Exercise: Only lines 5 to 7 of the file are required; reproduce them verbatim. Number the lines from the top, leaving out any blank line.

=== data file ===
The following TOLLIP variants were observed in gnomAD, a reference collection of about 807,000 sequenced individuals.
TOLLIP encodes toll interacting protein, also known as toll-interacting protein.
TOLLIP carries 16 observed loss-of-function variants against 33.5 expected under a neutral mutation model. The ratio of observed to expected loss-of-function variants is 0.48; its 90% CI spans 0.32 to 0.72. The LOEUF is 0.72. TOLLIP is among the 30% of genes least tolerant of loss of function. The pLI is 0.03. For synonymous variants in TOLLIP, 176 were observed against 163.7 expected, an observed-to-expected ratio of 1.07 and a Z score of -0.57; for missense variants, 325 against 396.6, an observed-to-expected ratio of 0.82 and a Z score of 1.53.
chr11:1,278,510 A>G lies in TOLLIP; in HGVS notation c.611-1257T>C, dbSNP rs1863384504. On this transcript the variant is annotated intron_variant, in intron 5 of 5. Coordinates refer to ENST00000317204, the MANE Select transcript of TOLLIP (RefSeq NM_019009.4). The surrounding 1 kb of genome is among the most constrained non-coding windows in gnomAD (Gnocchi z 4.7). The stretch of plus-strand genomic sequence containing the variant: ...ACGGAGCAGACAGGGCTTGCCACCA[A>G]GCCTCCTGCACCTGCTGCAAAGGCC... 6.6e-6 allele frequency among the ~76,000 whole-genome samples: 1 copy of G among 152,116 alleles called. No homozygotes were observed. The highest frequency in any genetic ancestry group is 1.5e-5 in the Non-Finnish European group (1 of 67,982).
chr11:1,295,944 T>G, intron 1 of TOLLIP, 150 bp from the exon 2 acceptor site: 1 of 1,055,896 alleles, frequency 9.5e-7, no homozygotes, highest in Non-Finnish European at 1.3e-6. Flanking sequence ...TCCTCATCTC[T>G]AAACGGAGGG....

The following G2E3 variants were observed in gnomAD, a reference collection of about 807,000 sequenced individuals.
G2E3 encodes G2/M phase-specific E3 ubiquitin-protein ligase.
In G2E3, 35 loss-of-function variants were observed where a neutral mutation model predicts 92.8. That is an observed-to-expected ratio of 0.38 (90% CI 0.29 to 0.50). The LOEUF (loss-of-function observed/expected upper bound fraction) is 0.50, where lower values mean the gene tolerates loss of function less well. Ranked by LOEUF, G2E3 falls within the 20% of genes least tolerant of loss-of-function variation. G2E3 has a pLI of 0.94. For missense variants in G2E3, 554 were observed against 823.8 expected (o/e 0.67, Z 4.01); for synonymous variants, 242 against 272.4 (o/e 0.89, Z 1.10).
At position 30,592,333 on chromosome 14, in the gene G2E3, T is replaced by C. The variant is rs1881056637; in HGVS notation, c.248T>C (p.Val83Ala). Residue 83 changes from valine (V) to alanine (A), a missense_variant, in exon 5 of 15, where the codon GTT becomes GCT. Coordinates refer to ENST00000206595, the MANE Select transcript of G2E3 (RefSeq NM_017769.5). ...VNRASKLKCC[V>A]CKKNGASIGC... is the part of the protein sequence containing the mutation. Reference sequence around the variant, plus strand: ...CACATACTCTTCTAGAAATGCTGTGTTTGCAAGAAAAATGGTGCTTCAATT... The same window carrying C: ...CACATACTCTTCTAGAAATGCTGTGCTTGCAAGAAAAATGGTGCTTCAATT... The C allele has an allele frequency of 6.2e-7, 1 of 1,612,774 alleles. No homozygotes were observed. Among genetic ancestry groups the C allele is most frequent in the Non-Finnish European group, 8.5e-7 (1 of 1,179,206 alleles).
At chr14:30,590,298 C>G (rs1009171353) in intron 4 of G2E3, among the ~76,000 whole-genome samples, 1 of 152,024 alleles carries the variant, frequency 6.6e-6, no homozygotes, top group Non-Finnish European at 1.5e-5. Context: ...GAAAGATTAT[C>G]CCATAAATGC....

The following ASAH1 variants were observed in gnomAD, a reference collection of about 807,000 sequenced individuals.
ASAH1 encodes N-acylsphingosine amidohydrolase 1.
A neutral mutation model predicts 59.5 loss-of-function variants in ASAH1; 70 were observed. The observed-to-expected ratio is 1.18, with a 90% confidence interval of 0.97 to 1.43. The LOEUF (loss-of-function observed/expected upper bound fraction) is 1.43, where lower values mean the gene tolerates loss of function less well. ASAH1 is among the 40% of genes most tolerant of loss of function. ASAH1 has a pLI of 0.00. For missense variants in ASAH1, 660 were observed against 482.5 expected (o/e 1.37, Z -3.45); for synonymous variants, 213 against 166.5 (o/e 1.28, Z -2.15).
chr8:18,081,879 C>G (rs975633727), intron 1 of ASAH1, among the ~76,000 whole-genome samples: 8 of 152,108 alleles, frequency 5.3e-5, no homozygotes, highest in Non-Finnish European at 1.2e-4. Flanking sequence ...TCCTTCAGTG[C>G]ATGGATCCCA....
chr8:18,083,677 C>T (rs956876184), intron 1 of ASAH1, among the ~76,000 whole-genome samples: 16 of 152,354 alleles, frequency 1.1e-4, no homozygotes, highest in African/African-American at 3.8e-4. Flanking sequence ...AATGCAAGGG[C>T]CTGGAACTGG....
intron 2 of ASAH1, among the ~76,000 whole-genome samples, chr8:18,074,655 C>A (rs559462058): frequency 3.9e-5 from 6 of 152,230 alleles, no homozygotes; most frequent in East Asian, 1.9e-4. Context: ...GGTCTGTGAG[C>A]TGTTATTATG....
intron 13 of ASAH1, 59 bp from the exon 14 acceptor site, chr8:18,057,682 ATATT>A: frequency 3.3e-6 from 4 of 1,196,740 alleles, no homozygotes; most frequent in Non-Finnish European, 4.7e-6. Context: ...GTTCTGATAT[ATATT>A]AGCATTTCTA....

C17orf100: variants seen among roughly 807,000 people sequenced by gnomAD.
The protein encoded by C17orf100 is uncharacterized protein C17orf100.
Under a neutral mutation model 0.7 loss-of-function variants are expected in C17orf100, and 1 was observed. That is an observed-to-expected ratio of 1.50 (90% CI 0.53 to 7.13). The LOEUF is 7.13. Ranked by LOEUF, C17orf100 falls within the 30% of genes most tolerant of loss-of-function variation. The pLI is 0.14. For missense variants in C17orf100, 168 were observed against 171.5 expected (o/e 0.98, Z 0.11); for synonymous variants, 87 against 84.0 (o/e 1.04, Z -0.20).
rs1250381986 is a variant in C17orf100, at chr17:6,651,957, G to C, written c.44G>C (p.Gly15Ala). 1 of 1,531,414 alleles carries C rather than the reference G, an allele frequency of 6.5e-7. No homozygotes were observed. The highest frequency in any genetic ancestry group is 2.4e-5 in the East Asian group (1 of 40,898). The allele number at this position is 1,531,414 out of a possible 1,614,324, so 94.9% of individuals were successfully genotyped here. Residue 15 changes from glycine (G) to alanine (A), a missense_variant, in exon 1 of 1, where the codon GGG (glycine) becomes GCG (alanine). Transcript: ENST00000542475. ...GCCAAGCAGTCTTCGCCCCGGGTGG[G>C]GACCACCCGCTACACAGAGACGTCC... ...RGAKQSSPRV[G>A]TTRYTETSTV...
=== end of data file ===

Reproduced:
chr11:1,295,944 T>G, intron 1 of TOLLIP, 150 bp from the exon 2 acceptor site: 1 of 1,055,896 alleles, frequency 9.5e-7, no homozygotes, highest in Non-Finnish European at 1.3e-6. Flanking sequence ...TCCTCATCTC[T>G]AAACGGAGGG....

The following G2E3 variants were observed in gnomAD, a reference collection of about 807,000 sequenced individuals.
G2E3 encodes G2/M phase-specific E3 ubiquitin-protein ligase.